Where you can only identify one pharmacologically relevant species, you may find that the regulators want two species to be used, and a surrogate molecule generated to enable on-target pharmacology to be assessed in the otherwise non-relevant species. Alternatively, they may request assessment in a second species using the clinical product, even though it might be non-relevant in order to assess the off-target toxicity traditionally observed with small molecule drugs. If you are working with a product such as this, you should engage in discussion with the regulators at an early stage so you can be confident your non-clinical safety program will generate a data set that will fulfil their requirements.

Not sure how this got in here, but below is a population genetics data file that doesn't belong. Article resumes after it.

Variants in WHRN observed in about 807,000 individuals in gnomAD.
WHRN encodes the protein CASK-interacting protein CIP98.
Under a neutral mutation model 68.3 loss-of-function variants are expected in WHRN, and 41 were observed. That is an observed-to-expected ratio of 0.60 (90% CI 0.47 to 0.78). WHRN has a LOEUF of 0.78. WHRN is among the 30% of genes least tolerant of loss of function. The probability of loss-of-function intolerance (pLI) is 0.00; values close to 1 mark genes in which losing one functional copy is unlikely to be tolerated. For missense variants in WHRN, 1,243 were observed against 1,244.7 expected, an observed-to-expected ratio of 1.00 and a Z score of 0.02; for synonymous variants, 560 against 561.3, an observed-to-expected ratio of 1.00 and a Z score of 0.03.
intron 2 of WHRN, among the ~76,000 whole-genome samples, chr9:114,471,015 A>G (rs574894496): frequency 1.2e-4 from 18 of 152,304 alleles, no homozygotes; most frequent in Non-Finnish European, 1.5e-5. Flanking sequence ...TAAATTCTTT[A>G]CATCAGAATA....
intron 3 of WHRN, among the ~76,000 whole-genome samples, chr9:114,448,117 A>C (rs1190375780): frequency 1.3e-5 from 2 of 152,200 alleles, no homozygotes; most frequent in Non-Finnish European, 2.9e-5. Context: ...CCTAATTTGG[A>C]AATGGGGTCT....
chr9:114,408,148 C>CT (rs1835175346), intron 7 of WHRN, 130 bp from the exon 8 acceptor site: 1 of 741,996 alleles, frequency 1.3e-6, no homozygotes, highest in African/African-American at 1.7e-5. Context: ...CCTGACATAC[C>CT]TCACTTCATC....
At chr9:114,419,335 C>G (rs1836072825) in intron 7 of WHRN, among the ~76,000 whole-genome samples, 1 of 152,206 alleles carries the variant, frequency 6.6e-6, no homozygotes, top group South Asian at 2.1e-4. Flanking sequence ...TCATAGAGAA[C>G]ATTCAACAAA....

Selection of appropriate species for assessment of the safety of novel drugs is a critical step for ensuring you are successful in progressing to the clinic —and it’s not a default process!
Not sure where to start?
Take a stepwise approach and be sure to have a thorough understanding of your product and where relevant, its pharmacology. It will be critical in selecting those species which will enable generation of the most appropriate data set and will ultimately inform the safety profile of your product.
Additionally, seeking advice from a contract research organization that has extensive experience of interacting with the regulators will help you navigate your species selection strategy.
Species selection is just one of the areas to consider early on in the drug development phase. Learn more about some of the other considerations in our ‘How to plan a successful drug development strategy’ e-book.